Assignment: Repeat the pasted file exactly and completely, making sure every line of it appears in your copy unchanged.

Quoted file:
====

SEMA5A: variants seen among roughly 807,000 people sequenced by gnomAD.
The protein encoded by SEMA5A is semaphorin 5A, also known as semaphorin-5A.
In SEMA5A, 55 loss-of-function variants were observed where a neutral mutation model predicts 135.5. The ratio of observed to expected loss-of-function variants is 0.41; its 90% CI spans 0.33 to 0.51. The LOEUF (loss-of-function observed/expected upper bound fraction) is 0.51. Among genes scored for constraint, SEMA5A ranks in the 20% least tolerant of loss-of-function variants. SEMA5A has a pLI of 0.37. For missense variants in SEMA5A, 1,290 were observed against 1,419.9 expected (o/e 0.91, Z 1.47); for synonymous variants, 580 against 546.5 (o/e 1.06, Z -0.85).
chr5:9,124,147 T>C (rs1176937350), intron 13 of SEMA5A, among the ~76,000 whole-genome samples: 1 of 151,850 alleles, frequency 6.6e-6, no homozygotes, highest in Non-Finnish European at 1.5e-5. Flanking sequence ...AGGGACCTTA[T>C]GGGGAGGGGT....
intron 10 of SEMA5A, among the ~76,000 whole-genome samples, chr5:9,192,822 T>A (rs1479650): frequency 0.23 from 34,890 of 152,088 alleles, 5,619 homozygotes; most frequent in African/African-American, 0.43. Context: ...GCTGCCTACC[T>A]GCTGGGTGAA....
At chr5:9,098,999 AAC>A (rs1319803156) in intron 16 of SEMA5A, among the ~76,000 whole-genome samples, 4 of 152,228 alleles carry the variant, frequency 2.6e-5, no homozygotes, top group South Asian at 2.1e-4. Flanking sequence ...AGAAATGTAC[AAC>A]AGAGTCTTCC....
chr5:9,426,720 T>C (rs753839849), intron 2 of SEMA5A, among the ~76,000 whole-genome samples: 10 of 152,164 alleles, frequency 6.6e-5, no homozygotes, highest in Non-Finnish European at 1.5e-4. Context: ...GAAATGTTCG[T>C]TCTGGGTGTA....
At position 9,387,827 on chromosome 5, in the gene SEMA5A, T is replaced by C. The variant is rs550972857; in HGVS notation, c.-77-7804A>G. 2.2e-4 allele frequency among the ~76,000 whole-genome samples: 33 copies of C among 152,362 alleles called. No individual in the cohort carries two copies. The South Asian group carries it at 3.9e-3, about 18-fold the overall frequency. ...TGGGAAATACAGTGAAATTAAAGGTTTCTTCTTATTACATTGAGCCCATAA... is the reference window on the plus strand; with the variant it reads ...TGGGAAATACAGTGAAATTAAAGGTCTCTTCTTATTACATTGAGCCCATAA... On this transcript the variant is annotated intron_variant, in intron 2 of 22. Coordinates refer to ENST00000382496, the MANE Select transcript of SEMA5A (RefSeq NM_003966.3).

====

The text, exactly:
SEMA5A: variants seen among roughly 807,000 people sequenced by gnomAD.
The protein encoded by SEMA5A is semaphorin 5A, also known as semaphorin-5A.
In SEMA5A, 55 loss-of-function variants were observed where a neutral mutation model predicts 135.5. The ratio of observed to expected loss-of-function variants is 0.41; its 90% CI spans 0.33 to 0.51. The LOEUF (loss-of-function observed/expected upper bound fraction) is 0.51. Among genes scored for constraint, SEMA5A ranks in the 20% least tolerant of loss-of-function variants. SEMA5A has a pLI of 0.37. For missense variants in SEMA5A, 1,290 were observed against 1,419.9 expected (o/e 0.91, Z 1.47); for synonymous variants, 580 against 546.5 (o/e 1.06, Z -0.85).
chr5:9,124,147 T>C (rs1176937350), intron 13 of SEMA5A, among the ~76,000 whole-genome samples: 1 of 151,850 alleles, frequency 6.6e-6, no homozygotes, highest in Non-Finnish European at 1.5e-5. Flanking sequence ...AGGGACCTTA[T>C]GGGGAGGGGT....
intron 10 of SEMA5A, among the ~76,000 whole-genome samples, chr5:9,192,822 T>A (rs1479650): frequency 0.23 from 34,890 of 152,088 alleles, 5,619 homozygotes; most frequent in African/African-American, 0.43. Context: ...GCTGCCTACC[T>A]GCTGGGTGAA....
At chr5:9,098,999 AAC>A (rs1319803156) in intron 16 of SEMA5A, among the ~76,000 whole-genome samples, 4 of 152,228 alleles carry the variant, frequency 2.6e-5, no homozygotes, top group South Asian at 2.1e-4. Flanking sequence ...AGAAATGTAC[AAC>A]AGAGTCTTCC....
chr5:9,426,720 T>C (rs753839849), intron 2 of SEMA5A, among the ~76,000 whole-genome samples: 10 of 152,164 alleles, frequency 6.6e-5, no homozygotes, highest in Non-Finnish European at 1.5e-4. Context: ...GAAATGTTCG[T>C]TCTGGGTGTA....
At position 9,387,827 on chromosome 5, in the gene SEMA5A, T is replaced by C. The variant is rs550972857; in HGVS notation, c.-77-7804A>G. 2.2e-4 allele frequency among the ~76,000 whole-genome samples: 33 copies of C among 152,362 alleles called. No individual in the cohort carries two copies. The South Asian group carries it at 3.9e-3, about 18-fold the overall frequency. ...TGGGAAATACAGTGAAATTAAAGGTTTCTTCTTATTACATTGAGCCCATAA... is the reference window on the plus strand; with the variant it reads ...TGGGAAATACAGTGAAATTAAAGGTCTCTTCTTATTACATTGAGCCCATAA... On this transcript the variant is annotated intron_variant, in intron 2 of 22. Coordinates refer to ENST00000382496, the MANE Select transcript of SEMA5A (RefSeq NM_003966.3).